COVID cancellations: is your trip covered?
Like many things, travel in the post-COVID ‘new normal’ is going to be slightly different to what we were used to before, for a while at least.
Staycations are the hot new trend, masks are required on planes and trains, and if you do decide to brave a trip abroad, it’s all about watching out for air bridges and hoping you don’t need to quarantine on arrival back home.
Another reality we have to learn to live with is that our best-laid plans may end up being cancelled, perhaps with very little warning. No one can predict with any certainty exactly when local spikes are going to lead to sudden lockdowns, or how arrangements between countries are going to shift.
If you have flights and accommodation booked in a certain destination and it imposes lockdown measures before you arrive, there is very little you can do. The big question many travellers are facing in situations like this is – what do you do about getting your money back?
COVID-19 travel cancellations have exposed what is a real grey area in consumer rights regulations. If you want to read up on your chances of getting your money back, let us save you some time – the conclusion you will reach is that you might be able to claim some of your money back, but then again you might not.
Your best chances are if you had booked a package holiday, or if you had booked a flight with an airline from an EU member state (the EU has very generous consumer protection laws). But even then, you may be offered rescheduled flights or vouchers rather than a monetary refund, which might not be convenient.
Insurance gives you certainty
The only way to be certain of getting your money back for a COVID-related cancellation is to have travel insurance. Not only will a good policy cover your losses should your airline or accommodation provider have to cancel, it also protects you if you decide the risk of going is too high and change your mind.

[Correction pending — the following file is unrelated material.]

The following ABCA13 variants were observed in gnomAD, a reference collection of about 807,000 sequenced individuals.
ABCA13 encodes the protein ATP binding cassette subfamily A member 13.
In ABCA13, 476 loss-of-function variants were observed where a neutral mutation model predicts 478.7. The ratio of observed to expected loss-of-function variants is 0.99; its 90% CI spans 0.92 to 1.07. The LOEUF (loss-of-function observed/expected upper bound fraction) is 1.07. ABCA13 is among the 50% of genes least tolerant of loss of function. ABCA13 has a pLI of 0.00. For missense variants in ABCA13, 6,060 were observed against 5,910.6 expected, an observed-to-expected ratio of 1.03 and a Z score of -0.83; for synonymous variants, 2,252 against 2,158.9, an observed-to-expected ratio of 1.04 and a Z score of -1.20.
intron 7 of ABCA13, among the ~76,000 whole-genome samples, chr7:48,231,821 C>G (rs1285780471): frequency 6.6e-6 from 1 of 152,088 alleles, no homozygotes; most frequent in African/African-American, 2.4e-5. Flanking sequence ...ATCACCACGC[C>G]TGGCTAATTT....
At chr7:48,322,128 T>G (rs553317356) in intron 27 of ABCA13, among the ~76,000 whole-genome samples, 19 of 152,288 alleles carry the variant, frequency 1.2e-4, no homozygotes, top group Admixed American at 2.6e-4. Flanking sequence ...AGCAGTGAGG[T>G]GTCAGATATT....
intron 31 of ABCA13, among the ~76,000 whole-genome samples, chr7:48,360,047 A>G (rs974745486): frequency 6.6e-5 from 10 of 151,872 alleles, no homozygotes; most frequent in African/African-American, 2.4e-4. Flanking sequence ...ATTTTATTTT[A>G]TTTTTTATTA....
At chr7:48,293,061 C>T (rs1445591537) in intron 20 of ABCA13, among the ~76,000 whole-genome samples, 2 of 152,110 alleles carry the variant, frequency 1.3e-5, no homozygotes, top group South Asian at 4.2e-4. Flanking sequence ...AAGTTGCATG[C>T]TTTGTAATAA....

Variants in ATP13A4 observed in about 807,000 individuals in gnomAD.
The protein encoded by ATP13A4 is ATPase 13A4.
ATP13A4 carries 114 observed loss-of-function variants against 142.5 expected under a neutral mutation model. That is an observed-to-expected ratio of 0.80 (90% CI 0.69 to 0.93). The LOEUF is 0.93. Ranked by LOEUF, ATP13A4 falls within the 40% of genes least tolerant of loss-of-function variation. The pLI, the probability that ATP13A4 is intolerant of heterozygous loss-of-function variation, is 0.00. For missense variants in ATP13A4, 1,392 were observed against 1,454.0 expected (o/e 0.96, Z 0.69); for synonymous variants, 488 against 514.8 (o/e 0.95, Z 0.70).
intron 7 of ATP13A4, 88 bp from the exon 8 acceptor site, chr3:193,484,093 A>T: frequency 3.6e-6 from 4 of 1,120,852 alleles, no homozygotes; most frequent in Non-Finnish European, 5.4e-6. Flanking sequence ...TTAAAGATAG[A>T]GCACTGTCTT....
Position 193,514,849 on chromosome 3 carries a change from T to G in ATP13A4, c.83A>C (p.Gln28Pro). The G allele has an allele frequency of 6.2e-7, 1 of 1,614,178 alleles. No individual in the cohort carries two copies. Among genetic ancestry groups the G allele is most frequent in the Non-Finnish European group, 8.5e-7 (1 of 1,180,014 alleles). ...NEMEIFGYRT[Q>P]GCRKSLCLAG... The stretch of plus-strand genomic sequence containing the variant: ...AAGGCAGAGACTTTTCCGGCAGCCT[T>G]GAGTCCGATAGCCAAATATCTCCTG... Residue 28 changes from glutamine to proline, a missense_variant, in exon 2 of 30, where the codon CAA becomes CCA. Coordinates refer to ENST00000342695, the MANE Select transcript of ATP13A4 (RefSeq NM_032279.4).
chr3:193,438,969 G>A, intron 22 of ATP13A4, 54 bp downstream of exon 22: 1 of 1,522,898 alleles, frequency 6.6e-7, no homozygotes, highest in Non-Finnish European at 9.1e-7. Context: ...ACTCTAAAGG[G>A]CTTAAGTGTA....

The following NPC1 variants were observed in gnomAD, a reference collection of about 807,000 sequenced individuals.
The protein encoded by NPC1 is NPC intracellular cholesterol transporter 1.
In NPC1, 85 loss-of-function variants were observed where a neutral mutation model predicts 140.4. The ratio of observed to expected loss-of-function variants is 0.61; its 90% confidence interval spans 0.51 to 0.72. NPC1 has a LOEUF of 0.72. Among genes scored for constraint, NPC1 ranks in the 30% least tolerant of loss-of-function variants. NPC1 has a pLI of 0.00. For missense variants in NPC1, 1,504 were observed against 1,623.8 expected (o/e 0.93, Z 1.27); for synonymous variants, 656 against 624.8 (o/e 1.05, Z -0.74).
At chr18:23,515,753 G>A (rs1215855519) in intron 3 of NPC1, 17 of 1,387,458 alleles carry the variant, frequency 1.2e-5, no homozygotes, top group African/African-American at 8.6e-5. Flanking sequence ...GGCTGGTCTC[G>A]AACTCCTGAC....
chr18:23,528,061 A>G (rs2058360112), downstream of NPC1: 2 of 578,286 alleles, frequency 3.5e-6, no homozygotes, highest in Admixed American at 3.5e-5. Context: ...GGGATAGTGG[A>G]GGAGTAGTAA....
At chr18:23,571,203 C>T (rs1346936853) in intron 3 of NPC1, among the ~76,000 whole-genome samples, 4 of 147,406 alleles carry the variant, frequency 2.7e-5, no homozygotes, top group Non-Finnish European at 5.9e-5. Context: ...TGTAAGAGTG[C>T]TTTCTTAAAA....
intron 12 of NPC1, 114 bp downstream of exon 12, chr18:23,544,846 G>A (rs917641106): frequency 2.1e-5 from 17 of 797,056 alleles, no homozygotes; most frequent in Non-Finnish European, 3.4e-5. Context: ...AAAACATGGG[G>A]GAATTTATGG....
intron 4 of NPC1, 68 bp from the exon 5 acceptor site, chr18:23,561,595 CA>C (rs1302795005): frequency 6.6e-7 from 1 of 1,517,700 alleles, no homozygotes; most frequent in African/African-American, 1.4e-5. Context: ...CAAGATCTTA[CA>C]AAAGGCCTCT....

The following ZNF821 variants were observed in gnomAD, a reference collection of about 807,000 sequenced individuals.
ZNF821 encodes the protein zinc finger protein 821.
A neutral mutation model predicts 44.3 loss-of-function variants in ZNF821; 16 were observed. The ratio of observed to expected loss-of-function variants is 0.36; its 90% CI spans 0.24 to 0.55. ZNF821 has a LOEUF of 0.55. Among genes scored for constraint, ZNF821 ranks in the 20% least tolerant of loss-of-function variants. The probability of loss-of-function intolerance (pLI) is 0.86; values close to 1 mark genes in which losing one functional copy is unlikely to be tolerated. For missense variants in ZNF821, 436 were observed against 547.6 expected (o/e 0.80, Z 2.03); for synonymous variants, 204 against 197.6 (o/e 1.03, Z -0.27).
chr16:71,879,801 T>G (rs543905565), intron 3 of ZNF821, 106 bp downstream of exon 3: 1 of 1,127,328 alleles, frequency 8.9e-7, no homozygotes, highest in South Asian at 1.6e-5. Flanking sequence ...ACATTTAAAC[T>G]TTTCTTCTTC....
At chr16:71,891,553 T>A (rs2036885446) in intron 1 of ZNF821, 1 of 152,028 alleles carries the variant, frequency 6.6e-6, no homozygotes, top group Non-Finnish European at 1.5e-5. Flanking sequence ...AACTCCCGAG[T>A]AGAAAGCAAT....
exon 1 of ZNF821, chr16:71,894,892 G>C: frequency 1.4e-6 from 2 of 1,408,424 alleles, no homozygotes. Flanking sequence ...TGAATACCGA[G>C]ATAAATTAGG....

In the past, travel insurance has been treated like an optional extra by too many people heading abroad. But even with staycations, the risk of cancellations means everyone really should be treating it as an essential item on their planning list.
With potential cancellations in mind, it is important to make sure you get the right level of cover with your travel insurance. Basic policies might look attractive because they are cheap, but you should check the small print to find out exactly what level of cover you get for cancellations, and to what value.
Bear in mind that cheaper policies will often have an excess to pay on a claim, so you will end up losing money should your trip not go ahead either way. The safest bet is to take out comprehensive cover, which should protect you against cancellations no matter the circumstances.
Finally, COVID has increased the risks for insurance companies too, and you may find this results in your insurer putting up prices or withdrawing certain products. We’ve also seen a spate of non-insurance specialists, such as large retailers and banks, decide to pull out of the travel insurance market. If you were a John Lewis Travel Insurance customer, for example, you will need to look for a new provider. In the current circumstances, you would be best advised going for a specialist travel insurance provider.
Disclosure: this is a guest post is advertorial content.